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2020 and Beyond: QR Codes at the Dealership

Posted on February 14th, 2021 by

This blog is the second of three in a series that focuses on how QR codes are becoming more immersed in our lives and in our actions.  After the year of the pandemic, we’ll continue to see QR code use surge in 2021.  Buying a new car? You may lean more on a QR code – and less on a salesperson – at the start of your shopping experience.

Circling back to our previous article, QR codes can be used by car dealerships to make the overall buying experience for the consumer much less stressful. Those long sheets of paper containing the vehicles’ information displayed on a side window is difficult to understand and is almost impossible to compare with other vehicles; the consumer is left struggling to remember which information applies to which vehicle. QR codes can easily rectify this issue. By simply placing QR codes on the vehicles, customers and sales representatives alike can scan the code to quickly get all of the relevant information about the car, allowing for easy comparison shopping. Furthermore, the author suggests that dynamic QR codes can be implemented by car dealerships to allow for regular updates regarding the vehicle information.

Businesses are certainly already taking advantage of the applicability of QR codes in the automotive inventory merchandising sector. One company, DealerCarSearch, enables car dealerships to easily display an informational QR code on any vehicle’s window as a sticker. According to their website, “The QR Code links shoppers directly to the Vehicle Detail Page on your website. This hi-tech feature converts after hours lot walkers and window shoppers into solid leads for your dealership when your Dealership is closed.” This concept can be taken even further, with the possibility of dealerships advertising particular vehicles in newspapers, magazines, and even social media all through a QR code.


QR Codes – https://www.dealercarsearch.com/qr-codes-for-car-dealers.aspx

Choudhary, Sneh Ratna. “Why 2021 Is the Year of QR Codes.” Beaconstac RSS, 24 Dec. 2020, blog.beaconstac.com/2019/02/why-2019-is-the-year-of-qr-codes/.

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2020 and Beyond: QR Codes on Packaging

Posted on February 7th, 2021 by

With everything the pandemic brought to 2020, the year was a spotlight shining brightly on how touch-free solutions and QR Codes are to be a major part of not just our dining or shopping experience, but are fully a part of lives today, tomorrow, and well into the future.

We fully expect see a massive surge of QR code use into 2021.  This blog is the first of three in a series which will focus on how QR codes will continue to develop and grow in the future.

When shopping, product packaging is a crucial aspect of consumer decision-making. In fact, in her article “Why 2021 is the year of QR codes” author Sneh Ratna Choudhary shares with readers that approximately 1/3rd of consumer decision making when shopping is solely based on a product’s packaging. Choudhary further reiterates this point with the realization that QR codes are the answer to the ever-present marketing problem of creating a minimalistic yet aesthetically pleasing design. The author also touches on QR codes being required with GMO products in the U.S.; supplying the consumer with an easy way to learn more about the ingredients within the product.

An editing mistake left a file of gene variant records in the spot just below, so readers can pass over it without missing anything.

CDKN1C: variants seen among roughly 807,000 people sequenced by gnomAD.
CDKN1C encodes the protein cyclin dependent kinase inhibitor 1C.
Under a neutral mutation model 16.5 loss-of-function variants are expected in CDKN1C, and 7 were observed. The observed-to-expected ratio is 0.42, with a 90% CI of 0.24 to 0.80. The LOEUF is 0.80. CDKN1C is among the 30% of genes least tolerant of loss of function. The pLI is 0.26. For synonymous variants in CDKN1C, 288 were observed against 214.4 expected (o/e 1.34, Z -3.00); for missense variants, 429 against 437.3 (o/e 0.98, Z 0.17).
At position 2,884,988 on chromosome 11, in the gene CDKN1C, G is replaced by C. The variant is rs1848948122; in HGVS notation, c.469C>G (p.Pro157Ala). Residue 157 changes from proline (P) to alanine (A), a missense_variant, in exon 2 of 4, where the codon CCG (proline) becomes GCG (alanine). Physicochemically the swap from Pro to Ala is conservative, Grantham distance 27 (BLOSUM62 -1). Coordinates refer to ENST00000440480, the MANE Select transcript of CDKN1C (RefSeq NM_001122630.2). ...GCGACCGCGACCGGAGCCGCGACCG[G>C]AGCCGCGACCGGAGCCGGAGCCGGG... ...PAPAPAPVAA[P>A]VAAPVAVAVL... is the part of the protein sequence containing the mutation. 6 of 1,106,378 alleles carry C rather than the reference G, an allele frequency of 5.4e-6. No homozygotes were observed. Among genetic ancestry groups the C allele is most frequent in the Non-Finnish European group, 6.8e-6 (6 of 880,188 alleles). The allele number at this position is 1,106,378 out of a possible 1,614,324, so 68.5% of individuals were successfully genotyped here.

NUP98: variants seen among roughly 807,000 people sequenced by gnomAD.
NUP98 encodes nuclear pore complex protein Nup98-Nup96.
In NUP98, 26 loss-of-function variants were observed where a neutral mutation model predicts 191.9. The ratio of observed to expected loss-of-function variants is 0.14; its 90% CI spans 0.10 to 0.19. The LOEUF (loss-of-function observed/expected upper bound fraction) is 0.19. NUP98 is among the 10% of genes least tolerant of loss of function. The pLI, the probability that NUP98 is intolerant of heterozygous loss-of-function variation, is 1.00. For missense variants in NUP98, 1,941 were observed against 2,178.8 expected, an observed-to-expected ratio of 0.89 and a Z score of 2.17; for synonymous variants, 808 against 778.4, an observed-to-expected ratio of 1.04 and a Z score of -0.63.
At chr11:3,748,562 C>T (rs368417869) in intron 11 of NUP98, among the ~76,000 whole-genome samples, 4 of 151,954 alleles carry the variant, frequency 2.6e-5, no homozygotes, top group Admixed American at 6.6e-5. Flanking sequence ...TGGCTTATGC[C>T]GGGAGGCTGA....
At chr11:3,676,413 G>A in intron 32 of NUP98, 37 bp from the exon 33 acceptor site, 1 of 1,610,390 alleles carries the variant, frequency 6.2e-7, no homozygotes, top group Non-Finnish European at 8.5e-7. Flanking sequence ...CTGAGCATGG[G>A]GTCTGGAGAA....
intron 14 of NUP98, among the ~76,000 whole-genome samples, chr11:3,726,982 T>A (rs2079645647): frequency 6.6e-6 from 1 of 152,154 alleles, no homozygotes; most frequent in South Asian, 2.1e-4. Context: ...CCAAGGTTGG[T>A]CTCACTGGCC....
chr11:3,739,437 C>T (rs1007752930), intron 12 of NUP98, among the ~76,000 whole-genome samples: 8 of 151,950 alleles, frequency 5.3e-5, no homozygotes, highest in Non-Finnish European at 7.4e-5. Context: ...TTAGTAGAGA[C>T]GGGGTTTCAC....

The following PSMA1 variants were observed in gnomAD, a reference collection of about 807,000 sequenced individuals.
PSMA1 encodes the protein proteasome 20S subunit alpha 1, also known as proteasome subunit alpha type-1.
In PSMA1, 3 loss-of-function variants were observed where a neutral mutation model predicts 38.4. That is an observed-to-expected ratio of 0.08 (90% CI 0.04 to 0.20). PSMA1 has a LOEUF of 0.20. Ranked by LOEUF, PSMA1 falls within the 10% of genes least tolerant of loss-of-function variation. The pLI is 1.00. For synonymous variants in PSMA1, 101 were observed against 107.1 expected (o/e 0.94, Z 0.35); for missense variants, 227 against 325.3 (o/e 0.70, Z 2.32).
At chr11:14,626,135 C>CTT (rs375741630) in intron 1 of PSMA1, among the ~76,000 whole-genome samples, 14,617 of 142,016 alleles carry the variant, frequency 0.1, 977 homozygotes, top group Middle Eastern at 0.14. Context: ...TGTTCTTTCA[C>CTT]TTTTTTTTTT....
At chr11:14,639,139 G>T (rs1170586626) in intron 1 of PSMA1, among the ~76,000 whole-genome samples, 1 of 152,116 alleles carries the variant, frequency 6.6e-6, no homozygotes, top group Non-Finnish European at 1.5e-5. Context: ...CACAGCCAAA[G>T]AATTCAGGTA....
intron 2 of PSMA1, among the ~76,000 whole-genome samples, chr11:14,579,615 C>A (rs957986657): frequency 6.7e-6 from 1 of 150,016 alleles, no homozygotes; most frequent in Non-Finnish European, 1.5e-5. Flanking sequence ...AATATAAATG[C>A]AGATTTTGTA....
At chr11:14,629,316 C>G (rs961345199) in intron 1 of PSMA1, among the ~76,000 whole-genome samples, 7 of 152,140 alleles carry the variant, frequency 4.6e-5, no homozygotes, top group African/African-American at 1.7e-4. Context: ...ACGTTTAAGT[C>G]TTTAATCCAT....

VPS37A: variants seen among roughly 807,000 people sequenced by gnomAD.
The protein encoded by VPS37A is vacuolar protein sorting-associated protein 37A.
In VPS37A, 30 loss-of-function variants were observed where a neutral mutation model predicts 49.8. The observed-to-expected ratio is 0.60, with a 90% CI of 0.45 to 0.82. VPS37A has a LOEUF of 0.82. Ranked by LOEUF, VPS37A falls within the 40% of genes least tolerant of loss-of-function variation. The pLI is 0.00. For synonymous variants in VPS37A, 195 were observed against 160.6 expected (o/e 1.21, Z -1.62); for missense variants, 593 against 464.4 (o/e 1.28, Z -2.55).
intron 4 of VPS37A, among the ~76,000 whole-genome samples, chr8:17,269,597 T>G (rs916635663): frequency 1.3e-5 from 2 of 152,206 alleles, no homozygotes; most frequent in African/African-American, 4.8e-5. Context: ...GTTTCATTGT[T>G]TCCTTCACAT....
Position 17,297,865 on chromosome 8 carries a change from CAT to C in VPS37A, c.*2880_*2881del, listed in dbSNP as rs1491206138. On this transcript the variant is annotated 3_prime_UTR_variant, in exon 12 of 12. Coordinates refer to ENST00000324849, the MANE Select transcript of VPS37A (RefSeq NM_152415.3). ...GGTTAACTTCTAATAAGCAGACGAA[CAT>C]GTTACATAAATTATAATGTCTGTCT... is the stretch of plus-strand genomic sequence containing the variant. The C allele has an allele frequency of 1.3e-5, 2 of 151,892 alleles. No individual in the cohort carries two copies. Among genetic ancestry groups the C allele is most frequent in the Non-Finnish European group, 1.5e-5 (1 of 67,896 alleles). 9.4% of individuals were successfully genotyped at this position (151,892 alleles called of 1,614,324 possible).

Today’s consumer is not only concerned about ingredients in GMO products, however. According to a 2020 consumer behavior report published by Deloitte, current and future consumers will most likely be making purchasing decisions based on a newly understood set of parameters, including: nutritional awareness, sustainability, and social responsibility. In his article titled “QR Codes on Food: How QR Code Food Uses Engage Customers”, the author addresses these three purchasing parameters and how QR codes can be effectively implemented with each. Firstly, the author highlights that only about one of every 3 people check the nutritional labels on the packaged food they eat, even though approximately 63% of the population want to eat healthy “most or all of the time”. Scott outlines that providing nutritional information via QR code, something that subsequently isn’t restricted by the space on product packaging, allows manufacturers the ability to add a more detailed set of information that is invaluable to consumers. Scott urges manufacturers to take advantage of the greater flexibility with the QR code, as consumers can be made easily aware of allergy information, social responsibility initiatives, instructions, sustainability certifications, and more with a simple scan. This also opens the door for the possibilities of food traceability. As the author outlines, “a running account of where [a product] originated, was manufactured, and was distributed along with relevant information about those production, manufacturing, and distribution facilities [can all be traced using a QR code]. Scott further emphasizes that QR code traceability can also take into account the present status of products, such as product recalls, updates regarding production facilities/fulfillment centers, and any other relevant information in regards to the product’s present supply chain status.

It is clear that the use of the QR code will continue to grow exponentially into 2021, with QR code food labels just one of many versatile uses of the technology.


Choudhary, Sneh Ratna. “Why 2021 Is the Year of QR Codes.” Beaconstac RSS, 24 Dec. 2020, blog.beaconstac.com/2019/02/why-2019-is-the-year-of-qr-codes/.

Scott. “QR Codes on Food: How QR Code Food Uses Engage Customers.” SproutQR, SproutQR, Inc., 1 Sept. 2020, www.sproutqr.com/blog/qr-code-food.

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Restaurants Utilizing QR Codes in the Pandemic

Posted on July 28th, 2020 by


The global pandemic has forced us all to take safety precautions and we know that masks, gloves, and social distancing are ways to minimize the spread of COVID-19 and to maximize the safety of ourselves and those around us. As businesses continue with cautious re-openings amid the COVID-19 pandemic, they are determining best practices for how to do so in a way that allows them to get back to some level of normalcy while giving their employees and customers peace of mind.

The silver lining in all of this is that there are several tactics which have now become staples of this current daily life that will presumably stay with us even beyond the pandemic.